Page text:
It’s Thursday. I just finished doing my school work, exams for the week just finished, and I am tired. A good time to ponder on life. I haven’t been in a completely good mood, so I’ll just do a quick run through the worst things that have happened to my life.
1. At around age 5, my brother sexually abused me. He was 11 at the time. I lost my oral virginity during my childhood. This only happened once though.
2. Throughout my childhood, the same brother physically abused me as well, threatening me with violence if I choose not to do what he says (simple things like getting him water, etc.). He would often punch me, or kick me for being a “bad kid” whenever there aren’t any adults around. This lasted for around 6 years.
3. When I started studying in school, I was often bullied for many purposes (usually because I was thought to be gay). This is the reason as to why I currently have major anxiety issues. This lasted for 10 years. From elementary school to high school, I was bullied through verbal and relational aggression because of speculations that I was gay (which was horrible, because I actually am gay, and it destroyed my self-conception). I was outcasted, and was forced to find support from the girls. I grew up thinking that being gay meant I was destined to be outcasted from society.
4. The bullying in high school got so bad, that I reached a point in my life where in I wanted to kill myself. I already had a plan to kill myself, but I was eventually able to change my mind and get back up with a little help from some of my closest best friends who were there for me at the lowest point of my life. My suicidal thoughts were rooted to majority of my peers humiliating me for a cover I did on Lady Gaga’s “Born this Way”. It hurt for two major reasons:
- It was as if society was telling me that my life goal was unreachable, and I felt as if I had no talent, as if I was vocally incompetent, and that my goal to be a singer was next to impossible. My dreams were being shattered right then and there.
- As an adolescent, peers’ acceptance is a vital thing. As more of my batch mates in high school directly showed me hatred, disgust, degradation, and humiliation, I was also unable to accept myself for my sexuality (since I was also a Christian at the time, until now) and identity status (since I firmly believed that no one was going to like me).
My self-esteem at the time was at its all time low. I believed I was incompetent and I lacked the ability to achieve anything. I also believed that I was at the bottom of the social hierarchy, and no one was going to like me no matter what I did. I feel as if I had no talents, no capabilities, like I was worthless, like no one loved me. Until now, these thoughts still haunt me, but I just try to think positively. No one knows how hard I try just to get over these thoughts, these doubts of my own self-worth in my mind. As I reminisce how I was humiliated constantly whenever the teacher wasn’t around, I could just remember how my peers laughed at my embarrassment. How some of my friends just ignored what was happening, and did nothing. It was like torture that I could not escape. Thankfully, it didn’t take long before we graduated high school.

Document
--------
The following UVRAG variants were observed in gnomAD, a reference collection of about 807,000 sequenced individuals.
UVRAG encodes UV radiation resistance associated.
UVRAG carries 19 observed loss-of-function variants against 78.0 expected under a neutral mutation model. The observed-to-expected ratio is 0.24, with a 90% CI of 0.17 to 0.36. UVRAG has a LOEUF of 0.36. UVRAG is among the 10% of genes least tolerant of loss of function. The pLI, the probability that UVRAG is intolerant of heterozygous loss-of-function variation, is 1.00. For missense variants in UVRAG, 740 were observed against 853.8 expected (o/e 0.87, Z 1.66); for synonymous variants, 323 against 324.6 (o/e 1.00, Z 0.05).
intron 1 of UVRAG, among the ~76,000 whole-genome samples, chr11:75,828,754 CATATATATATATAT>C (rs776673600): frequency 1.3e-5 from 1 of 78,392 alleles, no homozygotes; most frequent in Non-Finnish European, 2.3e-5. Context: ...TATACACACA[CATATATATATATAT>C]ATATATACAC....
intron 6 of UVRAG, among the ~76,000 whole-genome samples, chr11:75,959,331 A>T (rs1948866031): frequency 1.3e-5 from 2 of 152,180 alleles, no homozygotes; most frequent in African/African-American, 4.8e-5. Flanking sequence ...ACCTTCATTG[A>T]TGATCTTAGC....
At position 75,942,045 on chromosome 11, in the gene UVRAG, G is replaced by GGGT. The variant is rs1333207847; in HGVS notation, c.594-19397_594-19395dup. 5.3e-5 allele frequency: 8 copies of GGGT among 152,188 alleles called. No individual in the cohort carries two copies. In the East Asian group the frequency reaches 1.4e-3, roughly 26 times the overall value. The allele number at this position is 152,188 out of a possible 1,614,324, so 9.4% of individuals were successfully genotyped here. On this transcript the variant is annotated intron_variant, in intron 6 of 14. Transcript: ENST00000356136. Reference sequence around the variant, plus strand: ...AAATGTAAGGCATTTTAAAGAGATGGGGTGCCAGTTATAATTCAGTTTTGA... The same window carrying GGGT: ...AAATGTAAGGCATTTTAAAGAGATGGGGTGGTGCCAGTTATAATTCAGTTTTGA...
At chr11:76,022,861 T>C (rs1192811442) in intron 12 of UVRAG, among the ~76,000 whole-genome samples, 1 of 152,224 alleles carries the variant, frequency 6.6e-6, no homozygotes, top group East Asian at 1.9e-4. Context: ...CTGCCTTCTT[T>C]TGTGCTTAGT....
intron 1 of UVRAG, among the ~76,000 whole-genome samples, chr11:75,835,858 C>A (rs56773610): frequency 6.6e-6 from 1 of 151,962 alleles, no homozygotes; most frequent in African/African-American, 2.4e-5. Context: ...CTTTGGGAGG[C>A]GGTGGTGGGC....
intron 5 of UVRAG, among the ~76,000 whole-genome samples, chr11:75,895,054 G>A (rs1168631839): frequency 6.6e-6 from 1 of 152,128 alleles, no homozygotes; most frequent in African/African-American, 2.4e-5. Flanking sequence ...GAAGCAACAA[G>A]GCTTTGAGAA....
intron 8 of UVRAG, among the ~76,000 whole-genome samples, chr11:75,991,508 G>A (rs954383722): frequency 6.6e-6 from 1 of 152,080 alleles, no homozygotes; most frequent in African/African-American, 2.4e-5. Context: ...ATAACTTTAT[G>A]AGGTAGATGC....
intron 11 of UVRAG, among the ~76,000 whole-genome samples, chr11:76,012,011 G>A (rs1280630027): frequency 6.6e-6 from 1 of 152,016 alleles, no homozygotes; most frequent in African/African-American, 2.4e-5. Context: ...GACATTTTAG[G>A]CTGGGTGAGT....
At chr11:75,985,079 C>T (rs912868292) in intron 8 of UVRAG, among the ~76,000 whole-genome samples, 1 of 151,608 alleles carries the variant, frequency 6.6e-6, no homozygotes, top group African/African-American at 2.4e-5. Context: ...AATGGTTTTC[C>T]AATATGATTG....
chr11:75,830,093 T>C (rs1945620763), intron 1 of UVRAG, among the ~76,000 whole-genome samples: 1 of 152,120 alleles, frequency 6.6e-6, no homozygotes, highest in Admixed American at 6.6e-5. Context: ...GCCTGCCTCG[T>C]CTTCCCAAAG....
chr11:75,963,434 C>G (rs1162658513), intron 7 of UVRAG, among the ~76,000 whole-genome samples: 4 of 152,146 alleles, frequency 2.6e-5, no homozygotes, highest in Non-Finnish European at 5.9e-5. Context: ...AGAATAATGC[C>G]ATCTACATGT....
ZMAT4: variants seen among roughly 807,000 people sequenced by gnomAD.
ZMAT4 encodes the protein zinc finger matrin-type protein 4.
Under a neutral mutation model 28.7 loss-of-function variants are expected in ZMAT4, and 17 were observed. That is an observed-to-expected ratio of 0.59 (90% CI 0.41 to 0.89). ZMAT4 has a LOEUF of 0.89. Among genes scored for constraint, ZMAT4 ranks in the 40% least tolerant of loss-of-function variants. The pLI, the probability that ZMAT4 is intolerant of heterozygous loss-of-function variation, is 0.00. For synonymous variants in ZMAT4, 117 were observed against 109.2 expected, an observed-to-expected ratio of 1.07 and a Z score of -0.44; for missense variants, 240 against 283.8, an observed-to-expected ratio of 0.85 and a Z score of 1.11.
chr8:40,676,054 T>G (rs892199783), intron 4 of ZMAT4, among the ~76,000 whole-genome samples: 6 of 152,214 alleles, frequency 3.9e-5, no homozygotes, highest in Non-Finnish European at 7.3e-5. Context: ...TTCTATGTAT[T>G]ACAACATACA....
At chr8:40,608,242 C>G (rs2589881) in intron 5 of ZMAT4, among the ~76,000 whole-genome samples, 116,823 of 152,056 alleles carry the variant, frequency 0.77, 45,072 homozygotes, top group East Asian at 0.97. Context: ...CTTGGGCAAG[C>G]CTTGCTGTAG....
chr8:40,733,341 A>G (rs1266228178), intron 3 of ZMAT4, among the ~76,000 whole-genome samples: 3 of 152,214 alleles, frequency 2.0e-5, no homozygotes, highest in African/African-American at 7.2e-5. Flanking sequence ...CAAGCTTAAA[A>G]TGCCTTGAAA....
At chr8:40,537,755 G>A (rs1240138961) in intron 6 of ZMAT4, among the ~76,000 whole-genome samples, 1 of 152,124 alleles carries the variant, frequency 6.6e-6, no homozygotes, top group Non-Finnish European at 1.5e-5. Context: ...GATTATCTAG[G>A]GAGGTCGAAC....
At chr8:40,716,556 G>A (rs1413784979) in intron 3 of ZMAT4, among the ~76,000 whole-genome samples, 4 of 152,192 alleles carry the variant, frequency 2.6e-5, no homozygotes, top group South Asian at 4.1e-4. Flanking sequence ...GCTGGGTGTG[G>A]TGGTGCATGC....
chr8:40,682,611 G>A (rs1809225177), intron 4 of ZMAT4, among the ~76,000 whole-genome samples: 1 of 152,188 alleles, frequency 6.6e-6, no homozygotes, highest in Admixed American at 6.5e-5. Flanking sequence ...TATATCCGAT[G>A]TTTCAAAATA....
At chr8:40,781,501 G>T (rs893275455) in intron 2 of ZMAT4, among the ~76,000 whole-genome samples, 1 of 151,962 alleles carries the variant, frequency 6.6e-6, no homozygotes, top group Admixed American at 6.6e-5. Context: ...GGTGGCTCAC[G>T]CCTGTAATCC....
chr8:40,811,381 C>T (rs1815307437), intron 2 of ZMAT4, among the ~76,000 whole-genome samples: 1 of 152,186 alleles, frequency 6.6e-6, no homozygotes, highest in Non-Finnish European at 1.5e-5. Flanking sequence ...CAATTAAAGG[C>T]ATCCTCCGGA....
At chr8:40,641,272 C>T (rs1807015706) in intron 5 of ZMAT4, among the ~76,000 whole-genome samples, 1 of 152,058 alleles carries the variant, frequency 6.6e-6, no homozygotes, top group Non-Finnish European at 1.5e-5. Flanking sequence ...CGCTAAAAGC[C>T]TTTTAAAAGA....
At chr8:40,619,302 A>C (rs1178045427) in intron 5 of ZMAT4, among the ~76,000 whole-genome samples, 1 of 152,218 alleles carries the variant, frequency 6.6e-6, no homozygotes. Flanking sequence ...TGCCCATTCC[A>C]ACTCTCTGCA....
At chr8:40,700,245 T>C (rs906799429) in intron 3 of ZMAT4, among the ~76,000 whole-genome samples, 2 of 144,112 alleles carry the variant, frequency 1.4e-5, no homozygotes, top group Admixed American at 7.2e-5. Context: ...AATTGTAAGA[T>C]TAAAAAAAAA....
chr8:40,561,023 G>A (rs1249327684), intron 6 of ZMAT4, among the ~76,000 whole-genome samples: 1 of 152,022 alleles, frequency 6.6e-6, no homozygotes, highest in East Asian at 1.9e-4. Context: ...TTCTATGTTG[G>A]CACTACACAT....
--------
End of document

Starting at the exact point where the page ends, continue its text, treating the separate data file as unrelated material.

5. Lastly, my currently ongoing issue involves my family for 2 reasons:
- Just recently, my brother’s fiance (one of my best friends) died because of organ complications. My brother is taking it hard (its the same brother who abused me as a child), but in order to cope with this experience, he found a new girlfriend. He does not have any friends, and has only minimal support from our family, which is why he turns to women for emotional support. My family is fighting because of this issue; and the stress from the family conflict paired with the difficulty of coping after her death is just a big emotional burden.
- My family has consistently told me since I was a kid that being gay is a bad thing, and they told me that I would be kicked out from our house if I were to be a homosexual. I myself am already half-way out of the closet, since most of my friends know of my homosexuality. My friends are very accepting in which they helped me in my personal adjustment by providing me with support; however, at home, my sexuality is still a constant issue that is always at the back of my mind. Knowing that I would have to leave my family eventually, because they can never provide me with the warmth and acceptance of a real family is a sad image for me.
Luckily, my god-mother, my nanny since I was born, actually had an emotional experience with me when I decided to come out to her. It was a risk, but coming out to her made me feel as if a big burden was lifted off. She initially reacted negatively because of her strong Roman Catholic beliefs, but after a few tears, she set aside her own beliefs and was eventually able to understand and accept me unconditionally. This is why she is one of the few people I consider as my real family. Without her there, I would not have been able to cope with all of the depressive negative experiences from my past, and I would never be who I am now.